By SAMANTHA MASUNAGA
RAFU STAFF INTERN
Former Japanese American college students who were unable to graduate during World War II are now one step closer to receiving honorary degrees.
On Monday, Assemblymember Warren T. Furutani (D-South Los Angeles County) announced that Assembly Bill 37, which would grant honorary degrees to all JAs whose college educations were disrupted by the internment, passed through the California Legislature on a vote of 65 to 0, according to a press release.
The next step will be consideration of the bill by Gov. Arnold Schwarzenegger.
“We have run into virtually no opposition,” Furutani said, in regard to his bill. “We’re still working with CSU (California State University) on their approach and the community colleges are on board. So there’s still technical stuff to do, and we hope he’ll sign it.”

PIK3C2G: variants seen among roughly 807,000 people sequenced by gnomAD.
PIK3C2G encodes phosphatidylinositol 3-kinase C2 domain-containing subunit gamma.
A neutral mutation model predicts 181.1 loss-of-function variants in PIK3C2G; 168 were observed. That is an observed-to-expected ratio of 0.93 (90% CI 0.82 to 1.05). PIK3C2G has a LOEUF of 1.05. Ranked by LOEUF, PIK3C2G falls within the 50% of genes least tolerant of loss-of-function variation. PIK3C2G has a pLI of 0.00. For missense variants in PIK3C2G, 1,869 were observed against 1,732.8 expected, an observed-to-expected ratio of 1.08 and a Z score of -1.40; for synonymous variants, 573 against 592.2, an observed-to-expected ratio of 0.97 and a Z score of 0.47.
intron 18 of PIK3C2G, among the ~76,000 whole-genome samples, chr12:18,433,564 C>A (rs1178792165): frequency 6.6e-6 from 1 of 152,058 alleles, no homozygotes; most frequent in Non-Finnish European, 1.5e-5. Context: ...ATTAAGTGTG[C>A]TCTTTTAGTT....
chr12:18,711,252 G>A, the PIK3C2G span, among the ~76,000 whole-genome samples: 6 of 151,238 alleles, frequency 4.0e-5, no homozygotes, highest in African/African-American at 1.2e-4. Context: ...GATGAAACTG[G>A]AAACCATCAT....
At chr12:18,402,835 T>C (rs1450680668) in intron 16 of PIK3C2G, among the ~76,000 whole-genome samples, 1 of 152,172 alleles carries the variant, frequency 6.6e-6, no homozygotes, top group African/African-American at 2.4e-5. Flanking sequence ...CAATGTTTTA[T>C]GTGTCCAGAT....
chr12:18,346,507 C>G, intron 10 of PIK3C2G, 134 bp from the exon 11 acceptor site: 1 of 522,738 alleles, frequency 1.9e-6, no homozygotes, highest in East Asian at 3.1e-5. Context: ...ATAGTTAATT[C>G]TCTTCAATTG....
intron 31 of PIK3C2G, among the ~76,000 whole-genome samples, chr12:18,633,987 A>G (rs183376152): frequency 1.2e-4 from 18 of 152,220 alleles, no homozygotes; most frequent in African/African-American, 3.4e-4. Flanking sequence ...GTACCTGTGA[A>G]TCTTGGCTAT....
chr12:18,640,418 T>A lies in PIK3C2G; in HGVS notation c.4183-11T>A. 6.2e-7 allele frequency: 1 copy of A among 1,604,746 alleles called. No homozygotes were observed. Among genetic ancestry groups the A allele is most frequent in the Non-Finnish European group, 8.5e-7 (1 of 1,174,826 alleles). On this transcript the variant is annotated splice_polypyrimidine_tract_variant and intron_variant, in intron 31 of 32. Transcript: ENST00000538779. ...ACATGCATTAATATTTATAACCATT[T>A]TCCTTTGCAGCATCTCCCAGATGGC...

If signed by Schwarzenegger, AB 37 will affect the 2,567 JA students who were enrolled at a California public institution of higher education during World War II.
In the press release, Furutani said that the age of the individuals prompted quick action for their recognition.
“These former college students are well into their 80s,” he said. “More than 60 years have passed and yet only a handful of colleges and universities have chosen to extend honorary degrees to these students.”
Furutani is no stranger to the process of awarding honorary degrees.
In 2004, he was involved in the drafting of the Japanese American Internment Diploma Resolution, which was the first resolution to grant a high school diploma to any student enrolled in an LAUSD high school immediately prior to the internment.
This past year, he also assisted University of California Vice President for Student Affairs Judy Sakaki in crafting a similar proposal for JA students who were enrolled at a UC campus during World War II. This proposal was passed by the UC Board of Regents in July.
But in spite of these successes, Furutani is realistic about the future of his bill.
“I’m cautiously optimistic,” he said, regarding Schwarzenegger’s reaction to the bill. “I know there’s community folks talking to him and I’m sure he’s aware of the larger issue. I’m sure he’d be supportive of that.”